Just Like Dry White Wine…Not so sweet yet a great experience to try!

Luc Besson’s 2010 movie is about a beautiful adventurist also a writer, Adele ,trying to get her sister out-of her coma with her different methods, including bringing Pharaoh’s doctor back to life!

It’s set in 1912.The movie doesn’t carry a clever plot or a shocking life story yet the way Besson portrays Adele’s efforts makes the audience feel like this journey she is going through is almost as important as saving the world. I must admit, throughout her journey I kept a big-grin on my face with the quirky humour of Adele (Louise Bourgoin) completely ignoring the big question of: What is her aim? Because when I think of why she is going through all this, the film really loses its magic for me.

Besson doesn’t forget to reflect his style on this film just like his other fantasy film The Fifth Element- that was a turning point for fantasy films in my childhood-. His perfectly sketched and –different-from-eachother- characters; Dieuleveult, Inspecteur Albert Caponi and Le professeur Ménard.

I love the feel that French films give to me. It’s poetical and romantic. Even though there is no romance in The Extraordinary Adventures of Adele Blanc-Sec, Louise has a romantic and lyrical charm of her own that reflects the mystical French spirit and American-plotted adventure film. As the film starts I felt a bit lost trying to understand the plot, which instantly lighted the bulb in my head, the style is so similar to Amelie. The characters are linked to eachother through unusual events. When we are introduced to the film with our strange chubby character, Besson gives a hint to the audience showing a part of the films ending scenes.

My favorite film of the character however is the professor. I strongly believe that I have an attraction to the crazy old professor character. I realized this when I was watching Asterix and Obelix vs. Ceasar, which is also a French film. Prof. Menard has spiritual powers; he controls objects and creatures with his mind. The scene where he hides the dinosaur is hilarious, small acting yet great mimics and facial expressions.  Other then the prof. ofcuorse Adele’s character is perfectly sketched. – On another note I have came across lots of reviews about this film that criticize how the character is poorly portrayed into a movie from the comic book, yet I strongly suggest that reviewer and also audience needs to realize that, movies are based on books, not directly telling the same story-.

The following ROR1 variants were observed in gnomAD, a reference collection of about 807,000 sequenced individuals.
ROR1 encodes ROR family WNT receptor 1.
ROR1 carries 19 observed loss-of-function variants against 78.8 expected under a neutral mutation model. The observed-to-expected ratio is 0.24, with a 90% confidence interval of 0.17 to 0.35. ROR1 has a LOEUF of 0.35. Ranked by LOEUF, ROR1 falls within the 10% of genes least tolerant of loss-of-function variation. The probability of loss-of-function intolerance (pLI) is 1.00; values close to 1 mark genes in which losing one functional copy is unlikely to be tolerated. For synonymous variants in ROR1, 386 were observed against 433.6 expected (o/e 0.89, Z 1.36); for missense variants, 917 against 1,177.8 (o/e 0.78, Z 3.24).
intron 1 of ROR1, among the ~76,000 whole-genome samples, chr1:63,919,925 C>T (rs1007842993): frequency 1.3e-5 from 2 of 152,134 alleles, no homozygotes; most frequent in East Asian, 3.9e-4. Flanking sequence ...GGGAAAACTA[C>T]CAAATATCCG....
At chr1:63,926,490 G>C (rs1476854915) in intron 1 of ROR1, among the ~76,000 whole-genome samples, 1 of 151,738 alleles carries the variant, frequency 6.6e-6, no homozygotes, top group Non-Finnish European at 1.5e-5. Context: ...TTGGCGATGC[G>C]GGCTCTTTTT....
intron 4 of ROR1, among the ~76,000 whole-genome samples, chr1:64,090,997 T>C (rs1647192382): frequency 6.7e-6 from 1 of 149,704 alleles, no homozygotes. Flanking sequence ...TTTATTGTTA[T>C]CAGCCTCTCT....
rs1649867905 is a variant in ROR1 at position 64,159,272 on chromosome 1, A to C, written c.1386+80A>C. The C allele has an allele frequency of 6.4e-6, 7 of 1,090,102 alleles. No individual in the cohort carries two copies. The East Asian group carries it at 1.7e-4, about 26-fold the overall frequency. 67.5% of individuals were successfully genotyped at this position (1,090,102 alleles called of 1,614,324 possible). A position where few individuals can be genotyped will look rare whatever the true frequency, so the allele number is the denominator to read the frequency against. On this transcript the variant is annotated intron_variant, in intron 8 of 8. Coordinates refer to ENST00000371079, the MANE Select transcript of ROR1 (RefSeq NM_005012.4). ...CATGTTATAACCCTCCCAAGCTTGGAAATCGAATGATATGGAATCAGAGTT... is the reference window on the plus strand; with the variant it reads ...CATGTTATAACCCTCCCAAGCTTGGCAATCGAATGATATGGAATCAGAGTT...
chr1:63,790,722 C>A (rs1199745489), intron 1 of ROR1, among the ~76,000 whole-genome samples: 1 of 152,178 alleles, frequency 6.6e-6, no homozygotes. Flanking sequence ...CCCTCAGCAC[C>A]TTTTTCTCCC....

It a beautiful visual journey really. Luc Besson kept the spirit of ancient throughout the film mostly with the mise-en-scene. The props are carefully chosen. There is no prop in the set that I found awkward compared to rest. It was a beautifully made puzzle.  The color brown sets the mood of ancient and historical beautifully. In the flashback when Adele re-tells the story of how her sister had the accident one can see that both sisters are wearing pure white and scene carries a more heavenly look. However in the present time of the movie the scenery is usually bleak and depressive. This portrays Adele’s mood and depression about her sister’s situation.

Carrying on with mise-en-scene I want to point out the fact that Besson’s camera work is really similar to Hitchcock’s use of camera angles e.g moving forward to a window and then tilting up to create the mood of mystery. This can be seen in Leon: The Professional and Le Gran Bleu .

There are lots of things to discover about both Besson’s work in this film and also Adele’s adventures. It’s a well-spent time to watch this beautiful and really funny film. Besson keeps his name in the greatest auteurs list.